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The US Government struggles to understand what it means to be English.

Bryan Edwards

There are endless difficulties in definitions. Here's an excellent example.

The USA is undertaking research into crime against and within ethnic racial groups. It is trying hard to define groups. Here's a quote: " If issuing specific guidelines for the collection of detailed White race and ethnicity data, should OMB adopt the NCT format, which includes separately German, Irish, English, Italian, Polish, and French?"

It's not the fault of the US Government that it's confused. We, the English, have the most tangled ethnicity imaginable. The only effective classification for us is "unclassifiable."

Here's the problem: "English" is not a definable racial or ethnic group. We are the most bastardised mongrels on the planet. There is no definable "English" DNA set. Ironically, there are regional DNA sets in some parts of England - and of course if Irish are classified separately, then so should Scots and Welsh be (there are definite hereditary characteristics in both countries although whether that is enough to define them as an ethnic group or race is open for discussion). I heard someone saying "I'm British Indian but I'll never be English" - and that is probably true, in his lifetime. But in a few hundred years of inter-breeding, his descendants will be - and by that the DNA mix of "the English" will be further lacking in clarity.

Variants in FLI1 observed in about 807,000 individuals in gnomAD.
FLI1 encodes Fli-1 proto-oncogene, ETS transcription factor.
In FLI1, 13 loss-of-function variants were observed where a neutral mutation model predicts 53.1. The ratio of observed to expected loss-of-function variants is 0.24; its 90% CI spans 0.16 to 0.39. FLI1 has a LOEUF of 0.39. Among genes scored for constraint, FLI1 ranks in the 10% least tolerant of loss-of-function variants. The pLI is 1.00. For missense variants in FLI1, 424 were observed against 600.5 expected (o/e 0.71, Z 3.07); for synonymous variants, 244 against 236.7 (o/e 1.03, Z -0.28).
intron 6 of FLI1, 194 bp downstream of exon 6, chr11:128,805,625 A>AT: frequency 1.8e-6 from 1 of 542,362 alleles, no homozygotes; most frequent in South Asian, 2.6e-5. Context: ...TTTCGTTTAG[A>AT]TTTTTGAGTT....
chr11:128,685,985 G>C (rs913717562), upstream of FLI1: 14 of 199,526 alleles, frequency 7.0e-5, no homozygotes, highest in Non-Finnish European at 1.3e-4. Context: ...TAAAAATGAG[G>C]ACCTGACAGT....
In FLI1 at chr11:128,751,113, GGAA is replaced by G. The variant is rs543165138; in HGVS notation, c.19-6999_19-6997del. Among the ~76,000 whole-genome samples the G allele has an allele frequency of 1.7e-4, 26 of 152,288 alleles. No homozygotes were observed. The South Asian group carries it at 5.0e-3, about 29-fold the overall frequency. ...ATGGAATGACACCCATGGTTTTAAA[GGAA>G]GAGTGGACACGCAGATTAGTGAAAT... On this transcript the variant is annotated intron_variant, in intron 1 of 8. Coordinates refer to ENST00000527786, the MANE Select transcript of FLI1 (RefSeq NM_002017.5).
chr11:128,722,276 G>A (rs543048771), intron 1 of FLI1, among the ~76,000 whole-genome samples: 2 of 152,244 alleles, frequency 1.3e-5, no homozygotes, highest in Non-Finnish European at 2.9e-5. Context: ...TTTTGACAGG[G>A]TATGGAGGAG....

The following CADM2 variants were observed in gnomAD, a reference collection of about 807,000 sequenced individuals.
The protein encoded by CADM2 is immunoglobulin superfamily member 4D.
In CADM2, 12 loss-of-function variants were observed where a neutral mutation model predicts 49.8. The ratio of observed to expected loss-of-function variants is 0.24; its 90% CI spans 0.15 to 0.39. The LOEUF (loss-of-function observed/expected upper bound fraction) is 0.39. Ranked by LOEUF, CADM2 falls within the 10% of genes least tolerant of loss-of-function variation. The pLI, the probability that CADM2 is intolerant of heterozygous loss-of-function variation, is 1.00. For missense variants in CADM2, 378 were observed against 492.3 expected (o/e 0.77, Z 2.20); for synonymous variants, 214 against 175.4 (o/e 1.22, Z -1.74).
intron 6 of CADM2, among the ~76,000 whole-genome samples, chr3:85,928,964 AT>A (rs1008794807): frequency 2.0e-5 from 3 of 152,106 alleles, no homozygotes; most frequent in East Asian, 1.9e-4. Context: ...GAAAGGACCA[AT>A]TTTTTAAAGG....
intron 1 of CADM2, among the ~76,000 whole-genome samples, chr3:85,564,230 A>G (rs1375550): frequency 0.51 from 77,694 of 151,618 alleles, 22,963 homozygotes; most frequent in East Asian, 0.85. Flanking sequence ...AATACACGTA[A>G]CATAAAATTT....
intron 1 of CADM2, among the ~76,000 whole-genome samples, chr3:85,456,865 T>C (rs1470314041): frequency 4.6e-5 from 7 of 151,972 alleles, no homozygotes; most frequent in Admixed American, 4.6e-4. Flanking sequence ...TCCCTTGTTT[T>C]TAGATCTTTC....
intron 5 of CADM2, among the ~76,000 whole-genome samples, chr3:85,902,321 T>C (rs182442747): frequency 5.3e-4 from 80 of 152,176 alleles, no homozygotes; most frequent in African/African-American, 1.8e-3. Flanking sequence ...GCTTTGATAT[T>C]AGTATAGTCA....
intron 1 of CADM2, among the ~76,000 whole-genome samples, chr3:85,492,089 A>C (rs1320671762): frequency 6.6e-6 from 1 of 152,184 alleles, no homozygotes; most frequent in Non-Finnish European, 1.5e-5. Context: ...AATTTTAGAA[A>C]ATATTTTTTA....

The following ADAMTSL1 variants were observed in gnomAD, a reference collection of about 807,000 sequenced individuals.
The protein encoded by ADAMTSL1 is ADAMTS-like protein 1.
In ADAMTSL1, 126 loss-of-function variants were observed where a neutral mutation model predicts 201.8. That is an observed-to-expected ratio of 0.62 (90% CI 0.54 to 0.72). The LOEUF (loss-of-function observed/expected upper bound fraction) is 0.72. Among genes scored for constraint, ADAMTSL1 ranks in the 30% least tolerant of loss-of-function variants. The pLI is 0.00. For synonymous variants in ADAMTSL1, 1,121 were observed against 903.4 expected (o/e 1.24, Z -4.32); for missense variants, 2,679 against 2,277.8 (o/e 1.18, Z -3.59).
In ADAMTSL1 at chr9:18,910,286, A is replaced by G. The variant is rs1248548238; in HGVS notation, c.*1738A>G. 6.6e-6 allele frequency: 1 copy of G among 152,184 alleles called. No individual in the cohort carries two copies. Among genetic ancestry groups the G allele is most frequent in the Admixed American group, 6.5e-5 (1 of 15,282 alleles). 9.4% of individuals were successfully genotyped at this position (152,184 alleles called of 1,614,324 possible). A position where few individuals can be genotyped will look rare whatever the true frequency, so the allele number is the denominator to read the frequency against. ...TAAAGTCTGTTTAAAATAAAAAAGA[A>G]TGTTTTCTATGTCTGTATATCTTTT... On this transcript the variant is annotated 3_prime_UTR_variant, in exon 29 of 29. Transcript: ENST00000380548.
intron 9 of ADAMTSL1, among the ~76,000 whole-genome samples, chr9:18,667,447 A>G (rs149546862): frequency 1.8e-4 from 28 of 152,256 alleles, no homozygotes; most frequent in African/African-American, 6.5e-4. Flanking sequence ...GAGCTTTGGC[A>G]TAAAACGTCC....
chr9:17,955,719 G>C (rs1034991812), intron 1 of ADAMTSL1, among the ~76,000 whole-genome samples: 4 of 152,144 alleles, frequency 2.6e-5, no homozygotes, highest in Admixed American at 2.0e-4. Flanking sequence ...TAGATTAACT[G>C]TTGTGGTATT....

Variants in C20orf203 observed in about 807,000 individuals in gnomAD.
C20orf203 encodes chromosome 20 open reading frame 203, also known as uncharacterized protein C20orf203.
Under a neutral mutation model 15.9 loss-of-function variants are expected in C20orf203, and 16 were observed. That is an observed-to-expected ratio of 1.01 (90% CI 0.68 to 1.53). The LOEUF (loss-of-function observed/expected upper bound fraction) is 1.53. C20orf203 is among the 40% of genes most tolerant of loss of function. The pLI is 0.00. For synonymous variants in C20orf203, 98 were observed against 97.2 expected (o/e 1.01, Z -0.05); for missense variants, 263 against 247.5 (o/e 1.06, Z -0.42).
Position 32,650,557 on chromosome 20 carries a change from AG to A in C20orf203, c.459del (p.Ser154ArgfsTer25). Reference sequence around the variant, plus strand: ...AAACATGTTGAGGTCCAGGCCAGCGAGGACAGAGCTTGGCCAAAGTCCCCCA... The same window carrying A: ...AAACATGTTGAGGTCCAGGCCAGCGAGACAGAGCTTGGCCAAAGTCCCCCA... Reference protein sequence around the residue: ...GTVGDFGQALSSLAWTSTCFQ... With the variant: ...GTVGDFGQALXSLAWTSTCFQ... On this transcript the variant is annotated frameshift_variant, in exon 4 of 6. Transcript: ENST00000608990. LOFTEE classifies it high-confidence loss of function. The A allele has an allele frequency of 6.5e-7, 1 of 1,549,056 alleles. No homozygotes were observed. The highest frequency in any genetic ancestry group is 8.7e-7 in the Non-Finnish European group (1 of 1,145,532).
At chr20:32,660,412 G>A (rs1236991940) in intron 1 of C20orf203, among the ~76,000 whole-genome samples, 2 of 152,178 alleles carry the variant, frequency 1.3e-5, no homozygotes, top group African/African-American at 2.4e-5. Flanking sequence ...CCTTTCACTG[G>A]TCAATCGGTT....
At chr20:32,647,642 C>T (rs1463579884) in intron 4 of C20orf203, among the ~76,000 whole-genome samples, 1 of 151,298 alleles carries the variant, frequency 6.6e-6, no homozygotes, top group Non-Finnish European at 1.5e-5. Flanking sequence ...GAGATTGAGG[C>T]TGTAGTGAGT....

For those cultures which in-breed, they will never integrate and will never be English.

In the USA, some 15 years or so ago, it was said that 40% of Americans were of Irish extraction. It's weird: Jews say they are a race but the USA does not list them as such. But in other cases, it's given up entirely, saying "The Subgroup proposes no changes be made to the current standards to specifically incorporate the following geographic locations into any existing race or ethnicity category: Australian (including the original people of Australia/the Aborigines), Brazilian, Cape Verdean, New Zealander and Papua New Guinean. "

I don't envy them the task of trying to make a brute-force classification of an area that has long developed fuzzy boundaries.

After all, if we check out the DNA of much of the world, we'll find bits of Chinese, Portuguese, Spanish and various British tribes all over the place.

There seems to be an evolving plan to let people self-describe. That's an awful idea. That allows the nutcases like Halley Berry who follow the "one drop" principle to provide slewed data, social not genetic, and that helps no one.

Mixed race people are mixed race: they are not black and they are not white, for example. While, later generations may be predominantly one or another, that does not create a singularity.

The poor group trying to sort it out has issued a six month consultation period. Even before that it's had more than 3,000 submissions.

What an utterly horrible job.